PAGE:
(a film review by Mark R. Leeper)

VOODOO MACBETH is a Narrative film (i.e., not a documentary) about the Federal Theater Project production of MACBETH in 1935 in its Negro Theater Unit, headed by Rose McClendon and John Houseman. They got Orson Welles to direct, and this was Welles's directorial debut. The production became famous, perhaps the more so for having no record of it other than still photographs, so a film about it is quite welcome.

Unfortunately, the film VOODOO MACBETH sacrifices historical accuracy for dramatic effect. It adds a gay subplot, a corrupt anti-Communist Congressman, a stabbing, and other flights of fancy. (Then again, this is not unlike Welles's falsifying of reality in his radio production of "The War of the Worlds". In fact, he had a lifelong fascination with magic and other forms of deception.)

This means, though, that the viewer cannot know if there really was an initial problem that the crew was too white, or whether Virginia (Nicolson) Welles's role in the production is accurate. She is portrayed as quite liberal about African Americans in the film, and the idea for the Haitian setting to be hers. Yet in real life she ended up living in apartheid South Africa and being quite comfortable with that (according to her daughter). But given Orson Welles's ego, it is certainly possible that he took credit for ideas that were not quite his. I am also somewhat skeptical of the extent of the casting difficulties--is it really true that all Welles could find were totally inexperienced actors: a boxer, a singer, an elevator operator, and so on?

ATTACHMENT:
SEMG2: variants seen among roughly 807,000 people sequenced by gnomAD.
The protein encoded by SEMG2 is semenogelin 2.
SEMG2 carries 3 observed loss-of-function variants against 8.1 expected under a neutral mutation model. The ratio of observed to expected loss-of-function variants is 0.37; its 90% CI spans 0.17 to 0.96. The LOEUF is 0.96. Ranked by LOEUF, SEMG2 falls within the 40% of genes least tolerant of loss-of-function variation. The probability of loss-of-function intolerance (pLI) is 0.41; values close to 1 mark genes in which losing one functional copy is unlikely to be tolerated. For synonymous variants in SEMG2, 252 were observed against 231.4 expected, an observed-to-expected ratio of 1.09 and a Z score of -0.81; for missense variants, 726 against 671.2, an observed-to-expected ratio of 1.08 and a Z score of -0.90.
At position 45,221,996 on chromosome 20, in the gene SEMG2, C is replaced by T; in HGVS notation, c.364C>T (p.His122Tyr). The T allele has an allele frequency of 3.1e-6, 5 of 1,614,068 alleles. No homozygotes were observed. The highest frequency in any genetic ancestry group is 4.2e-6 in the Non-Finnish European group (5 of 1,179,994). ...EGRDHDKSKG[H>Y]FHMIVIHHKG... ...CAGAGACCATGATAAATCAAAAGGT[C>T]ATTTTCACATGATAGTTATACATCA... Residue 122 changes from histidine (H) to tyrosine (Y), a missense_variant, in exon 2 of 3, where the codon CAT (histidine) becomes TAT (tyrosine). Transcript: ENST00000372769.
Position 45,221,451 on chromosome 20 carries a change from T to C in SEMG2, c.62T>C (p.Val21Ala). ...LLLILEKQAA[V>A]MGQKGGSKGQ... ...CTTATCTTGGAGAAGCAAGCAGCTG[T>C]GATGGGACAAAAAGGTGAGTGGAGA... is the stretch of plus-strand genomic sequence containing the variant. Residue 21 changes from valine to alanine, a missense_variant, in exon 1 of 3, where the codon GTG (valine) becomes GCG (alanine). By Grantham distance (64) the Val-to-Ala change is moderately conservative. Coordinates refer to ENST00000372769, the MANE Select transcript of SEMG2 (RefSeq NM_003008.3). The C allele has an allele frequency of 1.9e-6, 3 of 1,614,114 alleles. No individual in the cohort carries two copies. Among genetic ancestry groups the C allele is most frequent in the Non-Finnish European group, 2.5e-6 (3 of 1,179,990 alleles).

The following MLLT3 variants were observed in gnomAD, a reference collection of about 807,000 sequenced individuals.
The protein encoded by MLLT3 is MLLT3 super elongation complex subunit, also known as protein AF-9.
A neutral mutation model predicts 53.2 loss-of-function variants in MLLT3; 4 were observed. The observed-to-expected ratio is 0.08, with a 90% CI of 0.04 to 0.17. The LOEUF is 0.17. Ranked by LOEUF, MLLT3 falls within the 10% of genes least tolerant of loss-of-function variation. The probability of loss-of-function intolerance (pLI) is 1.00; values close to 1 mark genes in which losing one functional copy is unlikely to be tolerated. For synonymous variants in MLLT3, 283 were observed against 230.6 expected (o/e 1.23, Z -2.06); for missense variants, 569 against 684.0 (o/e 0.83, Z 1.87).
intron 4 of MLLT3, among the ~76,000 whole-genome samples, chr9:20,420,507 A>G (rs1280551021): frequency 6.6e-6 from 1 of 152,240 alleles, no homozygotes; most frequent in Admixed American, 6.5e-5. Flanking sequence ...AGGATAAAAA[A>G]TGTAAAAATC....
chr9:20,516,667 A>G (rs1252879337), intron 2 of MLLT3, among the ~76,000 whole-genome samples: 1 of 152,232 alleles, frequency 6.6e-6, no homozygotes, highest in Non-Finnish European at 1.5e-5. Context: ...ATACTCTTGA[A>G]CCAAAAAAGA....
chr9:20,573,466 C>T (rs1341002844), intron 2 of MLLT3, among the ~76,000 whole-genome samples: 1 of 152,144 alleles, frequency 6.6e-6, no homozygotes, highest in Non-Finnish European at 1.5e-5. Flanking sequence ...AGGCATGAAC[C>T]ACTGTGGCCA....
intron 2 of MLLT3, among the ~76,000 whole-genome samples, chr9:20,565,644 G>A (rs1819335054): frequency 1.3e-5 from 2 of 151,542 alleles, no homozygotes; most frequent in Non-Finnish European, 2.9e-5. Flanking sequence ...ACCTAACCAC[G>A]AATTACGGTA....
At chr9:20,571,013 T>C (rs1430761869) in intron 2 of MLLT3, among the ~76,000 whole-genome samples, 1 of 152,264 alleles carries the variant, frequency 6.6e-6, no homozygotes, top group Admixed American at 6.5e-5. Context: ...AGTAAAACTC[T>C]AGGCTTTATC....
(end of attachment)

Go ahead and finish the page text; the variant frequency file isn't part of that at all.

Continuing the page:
There are also a lot of theater superstitions thrown in (no mention of the "M" word outside of the script, no whistling in the theater, etc.).

Released theatrically 21 October 2022. Rating: +1 (-4 to +4) or 6/10

Film Credits: https://www.imdb.com/title/tt9748424/reference

What others are saying: https://www.rottentomatoes.com/m/voodoo_macbeth

					Mark R. Leeper
					Copyright 2022 Mark R. Leeper